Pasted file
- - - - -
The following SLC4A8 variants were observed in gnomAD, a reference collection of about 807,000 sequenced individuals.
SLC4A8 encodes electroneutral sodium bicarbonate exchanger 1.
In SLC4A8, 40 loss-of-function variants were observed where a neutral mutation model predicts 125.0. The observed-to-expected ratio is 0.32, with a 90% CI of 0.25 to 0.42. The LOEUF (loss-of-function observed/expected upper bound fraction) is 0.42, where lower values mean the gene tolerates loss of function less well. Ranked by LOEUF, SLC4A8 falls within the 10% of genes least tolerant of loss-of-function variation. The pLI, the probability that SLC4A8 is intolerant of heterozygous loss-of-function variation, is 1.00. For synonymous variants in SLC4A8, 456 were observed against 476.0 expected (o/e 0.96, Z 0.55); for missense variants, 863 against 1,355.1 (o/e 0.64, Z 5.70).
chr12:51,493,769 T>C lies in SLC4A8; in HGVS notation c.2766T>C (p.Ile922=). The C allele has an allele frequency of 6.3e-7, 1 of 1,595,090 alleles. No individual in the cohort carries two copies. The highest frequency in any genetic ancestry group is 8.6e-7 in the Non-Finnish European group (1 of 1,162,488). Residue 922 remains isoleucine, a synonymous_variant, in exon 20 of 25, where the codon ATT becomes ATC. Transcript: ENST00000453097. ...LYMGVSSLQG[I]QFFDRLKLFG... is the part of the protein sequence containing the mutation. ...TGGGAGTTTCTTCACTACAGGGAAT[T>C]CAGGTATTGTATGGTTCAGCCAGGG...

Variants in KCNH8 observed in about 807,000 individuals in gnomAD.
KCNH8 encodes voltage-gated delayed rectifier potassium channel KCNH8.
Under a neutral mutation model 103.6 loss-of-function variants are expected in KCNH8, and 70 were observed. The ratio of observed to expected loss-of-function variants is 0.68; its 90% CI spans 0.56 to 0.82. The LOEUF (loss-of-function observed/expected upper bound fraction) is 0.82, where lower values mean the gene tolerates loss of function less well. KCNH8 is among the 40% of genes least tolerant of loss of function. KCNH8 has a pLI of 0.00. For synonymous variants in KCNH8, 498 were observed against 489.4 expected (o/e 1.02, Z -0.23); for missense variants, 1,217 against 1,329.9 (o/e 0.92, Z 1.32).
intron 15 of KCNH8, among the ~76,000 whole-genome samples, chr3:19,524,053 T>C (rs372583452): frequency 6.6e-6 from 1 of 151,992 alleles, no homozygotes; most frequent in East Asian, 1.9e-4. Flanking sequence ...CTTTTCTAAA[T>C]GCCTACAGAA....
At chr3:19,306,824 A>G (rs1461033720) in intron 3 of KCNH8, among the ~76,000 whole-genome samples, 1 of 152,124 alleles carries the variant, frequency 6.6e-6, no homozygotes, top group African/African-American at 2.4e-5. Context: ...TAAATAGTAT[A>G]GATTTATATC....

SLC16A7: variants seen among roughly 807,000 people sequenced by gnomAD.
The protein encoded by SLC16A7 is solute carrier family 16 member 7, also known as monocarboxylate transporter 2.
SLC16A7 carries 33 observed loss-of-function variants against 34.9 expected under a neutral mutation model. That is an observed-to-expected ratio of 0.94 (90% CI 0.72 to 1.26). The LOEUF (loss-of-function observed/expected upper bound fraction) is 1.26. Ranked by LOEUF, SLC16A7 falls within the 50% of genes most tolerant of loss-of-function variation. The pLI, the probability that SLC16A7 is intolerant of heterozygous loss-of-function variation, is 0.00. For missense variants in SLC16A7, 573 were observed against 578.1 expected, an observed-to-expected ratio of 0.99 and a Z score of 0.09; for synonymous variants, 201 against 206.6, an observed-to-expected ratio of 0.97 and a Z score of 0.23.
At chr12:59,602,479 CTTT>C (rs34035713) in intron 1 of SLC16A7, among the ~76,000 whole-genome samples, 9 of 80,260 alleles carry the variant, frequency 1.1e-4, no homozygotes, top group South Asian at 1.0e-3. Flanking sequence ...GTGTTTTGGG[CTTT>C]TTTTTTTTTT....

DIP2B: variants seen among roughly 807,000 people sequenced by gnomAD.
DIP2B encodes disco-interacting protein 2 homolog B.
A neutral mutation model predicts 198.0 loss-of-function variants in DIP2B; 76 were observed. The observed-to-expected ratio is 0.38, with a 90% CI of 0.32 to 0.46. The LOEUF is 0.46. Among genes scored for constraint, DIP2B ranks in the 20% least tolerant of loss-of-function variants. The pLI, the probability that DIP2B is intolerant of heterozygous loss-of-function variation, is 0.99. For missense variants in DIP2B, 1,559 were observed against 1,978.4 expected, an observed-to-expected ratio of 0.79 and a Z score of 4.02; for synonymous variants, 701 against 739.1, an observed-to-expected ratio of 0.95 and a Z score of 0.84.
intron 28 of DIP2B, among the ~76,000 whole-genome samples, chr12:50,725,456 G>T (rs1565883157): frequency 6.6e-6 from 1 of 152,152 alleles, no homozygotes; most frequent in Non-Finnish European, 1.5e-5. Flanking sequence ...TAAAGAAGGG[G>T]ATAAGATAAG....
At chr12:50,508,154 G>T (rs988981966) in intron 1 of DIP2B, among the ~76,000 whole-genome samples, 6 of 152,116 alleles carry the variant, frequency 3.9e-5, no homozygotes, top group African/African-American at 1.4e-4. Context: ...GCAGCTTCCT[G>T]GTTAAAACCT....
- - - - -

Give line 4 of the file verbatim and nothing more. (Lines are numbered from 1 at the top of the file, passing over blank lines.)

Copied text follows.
chr12:51,493,769 T>C lies in SLC4A8; in HGVS notation c.2766T>C (p.Ile922=). The C allele has an allele frequency of 6.3e-7, 1 of 1,595,090 alleles. No individual in the cohort carries two copies. The highest frequency in any genetic ancestry group is 8.6e-7 in the Non-Finnish European group (1 of 1,162,488). Residue 922 remains isoleucine, a synonymous_variant, in exon 20 of 25, where the codon ATT becomes ATC. Transcript: ENST00000453097. ...LYMGVSSLQG[I]QFFDRLKLFG... is the part of the protein sequence containing the mutation. ...TGGGAGTTTCTTCACTACAGGGAAT[T>C]CAGGTATTGTATGGTTCAGCCAGGG...